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Accounting for structural transformation in the U.S

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  • Marcolino, Marcos

Abstract

I account for the sources of labor reallocation from the manufacturing sector towards services in the United States for the 1950 to 2010 period. I use a multi-sector model with sector-specific productivity growth and non-homothetic preferences to decompose the sources of labor reallocation into supply-side, demand-side, and wedge distortions. The decomposition is performed in the context of a competitive economy where the competitive equilibrium with wedges reproduces prices and quantities of the economy exactly. During the 1950–2010 period, the demand-side mechanism accounts for 57% of the reallocation of labor and the supply-side for 28%. Focusing only in the sub-period from 1950 to 1980, 70% of the reallocation is demand-driven. In the sub-period between 1980 and 2010, the three sources of labor reallocation are quantitatively important. Demand-side accounts for 47%, supply-side for 42% and wedge distortions for 10%.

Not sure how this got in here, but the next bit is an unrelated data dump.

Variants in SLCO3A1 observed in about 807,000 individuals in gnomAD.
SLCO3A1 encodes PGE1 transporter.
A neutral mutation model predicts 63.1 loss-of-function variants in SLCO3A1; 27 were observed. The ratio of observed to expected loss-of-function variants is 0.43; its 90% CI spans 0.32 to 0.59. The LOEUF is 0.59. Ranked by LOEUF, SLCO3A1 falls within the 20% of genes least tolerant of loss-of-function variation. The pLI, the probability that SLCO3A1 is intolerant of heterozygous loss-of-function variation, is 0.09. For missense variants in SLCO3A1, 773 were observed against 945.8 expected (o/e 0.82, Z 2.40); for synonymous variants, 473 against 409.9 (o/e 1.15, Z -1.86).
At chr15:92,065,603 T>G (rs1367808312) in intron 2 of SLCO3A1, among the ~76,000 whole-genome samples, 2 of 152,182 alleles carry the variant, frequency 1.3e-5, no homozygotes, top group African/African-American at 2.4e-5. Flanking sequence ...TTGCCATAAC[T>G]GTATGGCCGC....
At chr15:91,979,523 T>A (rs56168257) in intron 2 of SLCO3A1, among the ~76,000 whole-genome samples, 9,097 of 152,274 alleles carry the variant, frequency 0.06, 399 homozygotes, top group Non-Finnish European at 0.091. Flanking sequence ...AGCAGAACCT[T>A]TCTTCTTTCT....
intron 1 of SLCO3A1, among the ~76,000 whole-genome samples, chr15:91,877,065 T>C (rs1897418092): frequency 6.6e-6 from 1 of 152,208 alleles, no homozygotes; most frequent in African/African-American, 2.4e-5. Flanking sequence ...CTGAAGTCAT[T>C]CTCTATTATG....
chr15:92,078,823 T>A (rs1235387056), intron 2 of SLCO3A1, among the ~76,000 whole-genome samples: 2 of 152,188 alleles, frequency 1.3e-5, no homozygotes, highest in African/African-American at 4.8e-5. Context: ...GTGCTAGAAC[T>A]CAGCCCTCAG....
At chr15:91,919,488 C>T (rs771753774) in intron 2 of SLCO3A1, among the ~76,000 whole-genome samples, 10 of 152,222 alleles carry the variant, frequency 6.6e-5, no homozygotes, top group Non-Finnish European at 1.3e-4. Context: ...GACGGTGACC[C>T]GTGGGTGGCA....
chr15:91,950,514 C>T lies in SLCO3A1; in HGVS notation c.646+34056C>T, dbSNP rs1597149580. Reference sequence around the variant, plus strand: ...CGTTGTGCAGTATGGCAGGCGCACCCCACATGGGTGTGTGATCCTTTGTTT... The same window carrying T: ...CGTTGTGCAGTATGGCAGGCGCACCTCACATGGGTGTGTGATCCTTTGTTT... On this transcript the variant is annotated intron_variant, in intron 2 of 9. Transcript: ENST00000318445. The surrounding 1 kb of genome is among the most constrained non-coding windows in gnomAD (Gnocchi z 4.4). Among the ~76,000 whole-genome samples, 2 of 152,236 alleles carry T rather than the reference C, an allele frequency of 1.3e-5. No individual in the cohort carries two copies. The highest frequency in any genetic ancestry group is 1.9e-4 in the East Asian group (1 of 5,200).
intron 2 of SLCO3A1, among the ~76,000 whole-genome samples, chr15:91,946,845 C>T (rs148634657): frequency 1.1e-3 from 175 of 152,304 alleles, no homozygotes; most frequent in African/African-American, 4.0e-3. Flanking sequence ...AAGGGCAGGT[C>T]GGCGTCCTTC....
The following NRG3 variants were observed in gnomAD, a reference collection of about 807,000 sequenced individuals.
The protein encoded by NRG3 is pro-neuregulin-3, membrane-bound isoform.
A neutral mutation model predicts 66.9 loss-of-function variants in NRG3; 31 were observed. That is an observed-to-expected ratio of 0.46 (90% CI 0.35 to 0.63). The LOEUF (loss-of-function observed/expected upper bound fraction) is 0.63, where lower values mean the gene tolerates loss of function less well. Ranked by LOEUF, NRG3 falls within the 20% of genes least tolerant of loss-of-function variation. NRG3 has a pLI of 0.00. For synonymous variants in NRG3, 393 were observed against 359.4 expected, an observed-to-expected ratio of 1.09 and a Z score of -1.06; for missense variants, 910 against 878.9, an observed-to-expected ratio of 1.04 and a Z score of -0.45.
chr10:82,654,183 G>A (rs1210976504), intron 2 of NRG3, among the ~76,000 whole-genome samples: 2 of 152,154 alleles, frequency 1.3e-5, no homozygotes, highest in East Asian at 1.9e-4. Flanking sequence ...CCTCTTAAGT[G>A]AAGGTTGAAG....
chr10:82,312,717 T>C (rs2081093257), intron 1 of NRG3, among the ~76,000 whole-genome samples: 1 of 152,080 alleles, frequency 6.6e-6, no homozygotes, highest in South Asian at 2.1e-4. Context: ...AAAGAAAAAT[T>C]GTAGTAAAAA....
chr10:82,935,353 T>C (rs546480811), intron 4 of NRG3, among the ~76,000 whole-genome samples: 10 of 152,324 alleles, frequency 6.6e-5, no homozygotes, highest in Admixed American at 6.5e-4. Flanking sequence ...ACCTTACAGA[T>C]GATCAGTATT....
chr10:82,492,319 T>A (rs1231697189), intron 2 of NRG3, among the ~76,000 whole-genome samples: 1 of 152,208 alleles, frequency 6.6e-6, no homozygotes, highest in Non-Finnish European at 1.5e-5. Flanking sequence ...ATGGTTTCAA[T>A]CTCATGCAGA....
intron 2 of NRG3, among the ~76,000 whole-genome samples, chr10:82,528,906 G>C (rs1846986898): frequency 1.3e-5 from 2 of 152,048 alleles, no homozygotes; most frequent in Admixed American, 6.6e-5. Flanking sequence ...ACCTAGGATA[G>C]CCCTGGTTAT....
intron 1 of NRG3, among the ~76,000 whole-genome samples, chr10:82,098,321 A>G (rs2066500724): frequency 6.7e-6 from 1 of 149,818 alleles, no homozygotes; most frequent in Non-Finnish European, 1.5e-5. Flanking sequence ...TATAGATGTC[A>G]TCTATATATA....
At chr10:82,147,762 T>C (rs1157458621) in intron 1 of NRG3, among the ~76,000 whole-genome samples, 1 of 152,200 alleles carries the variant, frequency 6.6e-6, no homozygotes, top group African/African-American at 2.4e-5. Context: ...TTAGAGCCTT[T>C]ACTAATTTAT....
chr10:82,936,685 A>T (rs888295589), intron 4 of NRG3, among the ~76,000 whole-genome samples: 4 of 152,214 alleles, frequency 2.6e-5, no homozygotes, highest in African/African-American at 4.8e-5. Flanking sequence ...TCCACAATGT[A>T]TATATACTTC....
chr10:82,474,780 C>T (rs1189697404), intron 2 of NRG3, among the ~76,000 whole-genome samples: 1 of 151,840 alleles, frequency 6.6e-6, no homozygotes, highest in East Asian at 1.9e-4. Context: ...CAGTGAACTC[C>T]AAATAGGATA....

Suggested Citation

  • Marcolino, Marcos, 2022. "Accounting for structural transformation in the U.S," Journal of Macroeconomics, Elsevier, vol. 71(C).
  • Handle: RePEc:eee:jmacro:v:71:y:2022:i:c:s0164070421000914
    DOI: 10.1016/j.jmacro.2021.103394
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    More about this item

    Keywords

    Multi-sector model; Structural transformation; Wedge;
    All these keywords.

    JEL classification:

    • O11 - Economic Development, Innovation, Technological Change, and Growth - - Economic Development - - - Macroeconomic Analyses of Economic Development
    • O14 - Economic Development, Innovation, Technological Change, and Growth - - Economic Development - - - Industrialization; Manufacturing and Service Industries; Choice of Technology
    • O41 - Economic Development, Innovation, Technological Change, and Growth - - Economic Growth and Aggregate Productivity - - - One, Two, and Multisector Growth Models

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